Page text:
Jackson attended Southern Methodist University, where he majored in engineering, but soon after graduation he switched to sales and business consulting, including a one-year stint as a venture capitalist in China. He moved to St. Louis in 2002 and settled into the brick row house where he still lives, on the eastern edge of Compton Heights. ("I should've bought in Lafayette Square," he says ruefully.)

Along the way he married twice and divorced twice, fathering four sons who range in age from four to twenty-one. (Aside from giving their ages, he refuses to discuss them in interviews.) And he earned enough to be able to sink $300,000 of his own money into self-publishing his book and traveling around the country for unpaid speaking engagements.

Chapter 3: Join the Tea Party
If Jackson had wanted to advance in the Republican Party, right now he'd probably be stuffing envelopes, hosting fundraisers and begging party leaders to give him a few thousand dollars to help bring in the black vote. As it happens he has yet to donate any money to the party, and local party leaders have no idea who he is. ("If I saw him, I might recognize his face," offers Jerry Hunter, a partner at Bryan Cave and, for the past 40 years, one of the leading black Republicans in Missouri.)

Bob Dole, founder of the Dole Institute where, sadly, his Viagra ads are not on display.
Bob Dole, founder of the Dole Institute where, sadly, his Viagra ads are not on display.

Not that the Republican Party is all that interested in bringing in the black vote. "African Americans vote overwhelmingly Democrat, and there's no signs that that's going to change," says political statistician Nate Silver, the mastermind behind the blog FiveThirtyEight.

It's the Democrats who can't win without the blacks, affirms Michael Minta, a political-science professor at Washington University. "All the Republicans need to do is pull a certain percentage of blacks from the Democratic party to win."

Whatever the case, by the time Jackson started doing politics full time, he'd become disenchanted with the Republicans.

"The Republican Party — no offense — is not working," he explains. "The people I want to reach — youth and diversity — aren't listening. And the party machine says, 'If I can't control you, I won't get behind you.'"

The Tea Party, by contrast, was wide open, lacking a hierarchy or, for that matter, any formal structure. But unlike the Republicans, who'd begun to splinter, most Tea Party members were in accord.

"People forget that parties are coalitions," says Bill Lacy, a former member of the Reagan administration who now directs the University of Kansas' Dole Institute in Lawrence. "A coalition has to be people who are together on 70 to 80 percent of the issues. One thing that's fascinating about the Tea Party is that most members agree on 70 percent of the things. To be successful as a coalition, you have to get people of all races and creeds who agree on issues."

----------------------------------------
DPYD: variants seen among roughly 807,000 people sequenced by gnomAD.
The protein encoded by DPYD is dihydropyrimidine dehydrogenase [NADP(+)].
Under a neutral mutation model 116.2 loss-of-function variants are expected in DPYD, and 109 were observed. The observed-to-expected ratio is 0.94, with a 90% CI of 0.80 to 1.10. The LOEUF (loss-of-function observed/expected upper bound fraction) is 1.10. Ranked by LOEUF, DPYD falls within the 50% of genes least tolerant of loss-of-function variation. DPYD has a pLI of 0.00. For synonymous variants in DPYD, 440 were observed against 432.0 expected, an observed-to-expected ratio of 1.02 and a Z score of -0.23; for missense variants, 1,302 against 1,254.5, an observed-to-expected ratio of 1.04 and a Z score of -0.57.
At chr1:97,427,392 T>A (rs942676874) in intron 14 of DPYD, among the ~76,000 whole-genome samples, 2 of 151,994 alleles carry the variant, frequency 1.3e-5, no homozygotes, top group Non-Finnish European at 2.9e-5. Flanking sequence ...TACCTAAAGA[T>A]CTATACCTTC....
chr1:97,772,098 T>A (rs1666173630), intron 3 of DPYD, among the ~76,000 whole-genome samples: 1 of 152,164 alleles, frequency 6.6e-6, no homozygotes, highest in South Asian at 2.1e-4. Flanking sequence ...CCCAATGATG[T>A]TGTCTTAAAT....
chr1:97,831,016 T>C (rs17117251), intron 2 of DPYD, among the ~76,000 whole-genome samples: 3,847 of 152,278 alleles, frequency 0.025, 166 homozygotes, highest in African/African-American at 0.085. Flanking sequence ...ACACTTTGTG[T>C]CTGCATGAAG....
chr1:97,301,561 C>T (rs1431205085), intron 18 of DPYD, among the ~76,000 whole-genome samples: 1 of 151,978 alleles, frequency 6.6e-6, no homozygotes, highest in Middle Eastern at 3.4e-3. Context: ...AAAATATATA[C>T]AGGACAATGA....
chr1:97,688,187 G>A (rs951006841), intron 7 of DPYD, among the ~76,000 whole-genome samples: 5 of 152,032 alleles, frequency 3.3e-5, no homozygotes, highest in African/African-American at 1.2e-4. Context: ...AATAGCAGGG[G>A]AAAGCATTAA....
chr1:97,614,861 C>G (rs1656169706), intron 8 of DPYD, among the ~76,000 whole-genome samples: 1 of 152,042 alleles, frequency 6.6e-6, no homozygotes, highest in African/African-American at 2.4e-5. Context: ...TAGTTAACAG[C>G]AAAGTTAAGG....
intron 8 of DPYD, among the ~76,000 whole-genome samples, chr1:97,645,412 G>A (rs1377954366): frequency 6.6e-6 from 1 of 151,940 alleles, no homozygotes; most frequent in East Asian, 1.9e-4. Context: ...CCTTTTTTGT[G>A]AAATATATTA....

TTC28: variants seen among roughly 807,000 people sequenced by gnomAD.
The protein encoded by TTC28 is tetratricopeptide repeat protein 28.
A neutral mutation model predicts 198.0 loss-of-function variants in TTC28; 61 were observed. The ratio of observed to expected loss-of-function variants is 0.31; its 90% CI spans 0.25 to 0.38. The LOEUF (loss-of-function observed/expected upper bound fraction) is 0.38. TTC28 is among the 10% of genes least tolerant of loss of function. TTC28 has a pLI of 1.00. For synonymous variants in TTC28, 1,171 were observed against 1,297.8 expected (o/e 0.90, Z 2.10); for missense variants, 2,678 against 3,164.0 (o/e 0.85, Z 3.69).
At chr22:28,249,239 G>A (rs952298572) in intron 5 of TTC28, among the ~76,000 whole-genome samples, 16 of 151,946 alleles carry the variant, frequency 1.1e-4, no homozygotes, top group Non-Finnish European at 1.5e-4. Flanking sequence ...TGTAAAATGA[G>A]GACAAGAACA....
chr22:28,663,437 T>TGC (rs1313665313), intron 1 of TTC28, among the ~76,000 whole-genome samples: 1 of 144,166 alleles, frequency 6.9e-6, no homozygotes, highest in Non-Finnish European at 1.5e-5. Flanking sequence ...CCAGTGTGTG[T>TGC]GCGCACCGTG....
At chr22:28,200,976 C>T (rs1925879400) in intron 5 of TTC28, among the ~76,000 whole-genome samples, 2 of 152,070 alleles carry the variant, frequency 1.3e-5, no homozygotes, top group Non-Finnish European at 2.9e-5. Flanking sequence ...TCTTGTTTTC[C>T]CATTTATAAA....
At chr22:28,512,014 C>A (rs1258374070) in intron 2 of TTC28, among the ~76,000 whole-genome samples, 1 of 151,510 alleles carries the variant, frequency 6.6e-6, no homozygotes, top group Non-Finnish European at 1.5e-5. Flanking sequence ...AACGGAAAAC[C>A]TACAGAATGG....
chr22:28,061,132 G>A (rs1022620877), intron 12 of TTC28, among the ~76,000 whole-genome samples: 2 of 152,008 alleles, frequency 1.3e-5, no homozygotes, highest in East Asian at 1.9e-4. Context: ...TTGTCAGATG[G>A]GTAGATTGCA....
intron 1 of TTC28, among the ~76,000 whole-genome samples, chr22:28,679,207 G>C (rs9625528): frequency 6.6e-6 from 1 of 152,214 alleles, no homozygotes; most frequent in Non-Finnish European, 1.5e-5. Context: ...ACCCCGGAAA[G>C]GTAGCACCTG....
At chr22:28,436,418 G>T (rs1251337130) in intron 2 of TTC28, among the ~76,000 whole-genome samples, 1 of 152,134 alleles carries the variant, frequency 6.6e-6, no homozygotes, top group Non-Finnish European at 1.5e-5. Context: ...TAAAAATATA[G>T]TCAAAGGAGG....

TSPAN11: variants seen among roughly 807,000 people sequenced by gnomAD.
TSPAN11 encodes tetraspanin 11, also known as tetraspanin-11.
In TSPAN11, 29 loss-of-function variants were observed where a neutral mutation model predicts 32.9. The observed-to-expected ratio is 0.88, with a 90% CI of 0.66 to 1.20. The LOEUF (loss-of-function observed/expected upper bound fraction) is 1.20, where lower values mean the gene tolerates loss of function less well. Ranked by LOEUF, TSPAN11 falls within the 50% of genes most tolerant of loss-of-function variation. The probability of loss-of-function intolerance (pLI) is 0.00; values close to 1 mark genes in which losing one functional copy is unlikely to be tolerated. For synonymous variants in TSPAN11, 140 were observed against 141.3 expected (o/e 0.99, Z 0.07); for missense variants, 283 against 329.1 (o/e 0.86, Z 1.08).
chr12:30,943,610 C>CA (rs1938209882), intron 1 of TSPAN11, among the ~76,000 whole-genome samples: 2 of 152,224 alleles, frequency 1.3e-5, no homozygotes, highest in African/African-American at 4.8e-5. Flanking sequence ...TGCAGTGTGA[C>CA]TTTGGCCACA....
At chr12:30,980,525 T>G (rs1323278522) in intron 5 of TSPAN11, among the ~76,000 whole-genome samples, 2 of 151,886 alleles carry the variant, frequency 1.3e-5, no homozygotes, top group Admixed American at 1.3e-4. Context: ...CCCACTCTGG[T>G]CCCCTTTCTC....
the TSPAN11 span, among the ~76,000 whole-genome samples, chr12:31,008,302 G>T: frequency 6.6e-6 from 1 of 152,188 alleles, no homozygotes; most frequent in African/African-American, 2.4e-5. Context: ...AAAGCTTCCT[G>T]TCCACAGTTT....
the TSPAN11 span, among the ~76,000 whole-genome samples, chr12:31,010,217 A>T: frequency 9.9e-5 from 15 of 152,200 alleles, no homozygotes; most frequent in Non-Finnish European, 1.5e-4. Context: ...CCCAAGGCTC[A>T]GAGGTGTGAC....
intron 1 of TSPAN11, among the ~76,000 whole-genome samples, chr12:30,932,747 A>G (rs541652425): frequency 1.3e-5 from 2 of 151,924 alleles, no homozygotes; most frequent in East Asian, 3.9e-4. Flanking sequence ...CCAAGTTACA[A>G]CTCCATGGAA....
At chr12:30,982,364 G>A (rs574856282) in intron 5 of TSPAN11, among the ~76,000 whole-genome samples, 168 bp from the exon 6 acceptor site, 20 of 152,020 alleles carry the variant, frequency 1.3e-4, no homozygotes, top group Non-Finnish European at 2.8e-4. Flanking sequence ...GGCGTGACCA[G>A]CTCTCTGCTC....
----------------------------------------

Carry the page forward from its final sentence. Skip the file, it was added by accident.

One of Jackson's earliest moments of national attention came in April 2009, when he published a blog post denouncing actress Janeane Garofalo, who had called the Tea Party racist.

"As a black man I love it when ignorant white women like Janeane Garofalo speak for all blacks," he wrote. "It's thrilling to me that Janeane would take time out of her busy Hollyweird life to protect me and my peeps, the downtrodden, the oppressed...the lowly Negro."

It was one of Jackson's first blog entries to be widely reposted on conservative websites in the United States and Canada.

And Garofalo's protests notwithstanding, Jackson had a point.

"There's not too many Tea Party-type black conservatives in the black community," Nate Silver allows. "But I don't think the Tea Party is racist. The Tea Partiers care more about ideas than appearances."

"President Bush and the Republicans who governed from 2001 to 2008 did not govern as conservatives," adds Lacy. "The [Medicare Prescription Drug, Improvement and Modernization Act] was the biggest entitlement since LBJ. A heavy deficit is not Republican. The Tea Party has risen up in reaction to that — the perception of the Tea Party versus the Establishment."

It made sense, then, that Kevin Jackson, with his disgust for the current Republican Party and his unwillingness to be a good soldier, fit right in.

"It's rich territory for anyone who wants to pursue it," says Jamie Allman, host of the conservative talk-radio show Allman in the Morning on KFTK (97.1 FM) — where since January Jackson has been a weekly guest. "That's the great thing about a grass-roots movement: There's still enough room for everyone to succeed and play a part."

Within a few months, Jackson attracted the attention of Gina Loudon, host of The Dr. Gina Show on KJSL (630 AM). Jackson says Loudon offered to be his publicist and edit The Big Black Lie. Though their partnership would end acrimoniously (Jackson claims Loudon was envious of his success and tried to sabotage his career; Loudon declines to comment), Jackson had found an ally to help him get noticed.

Their split hurt Jackson in St. Louis — he no longer considers himself part of the St. Louis Tea Party and rarely speaks at local rallies — but by then he'd made it to Glenn Beck and The O'Reilly Factor. And again, the fragmented nature of the national Tea Party worked in his favor: Groups in San Francisco and Houston didn't care about his beef with Loudon, as long as he was willing to come speak at their rallies.

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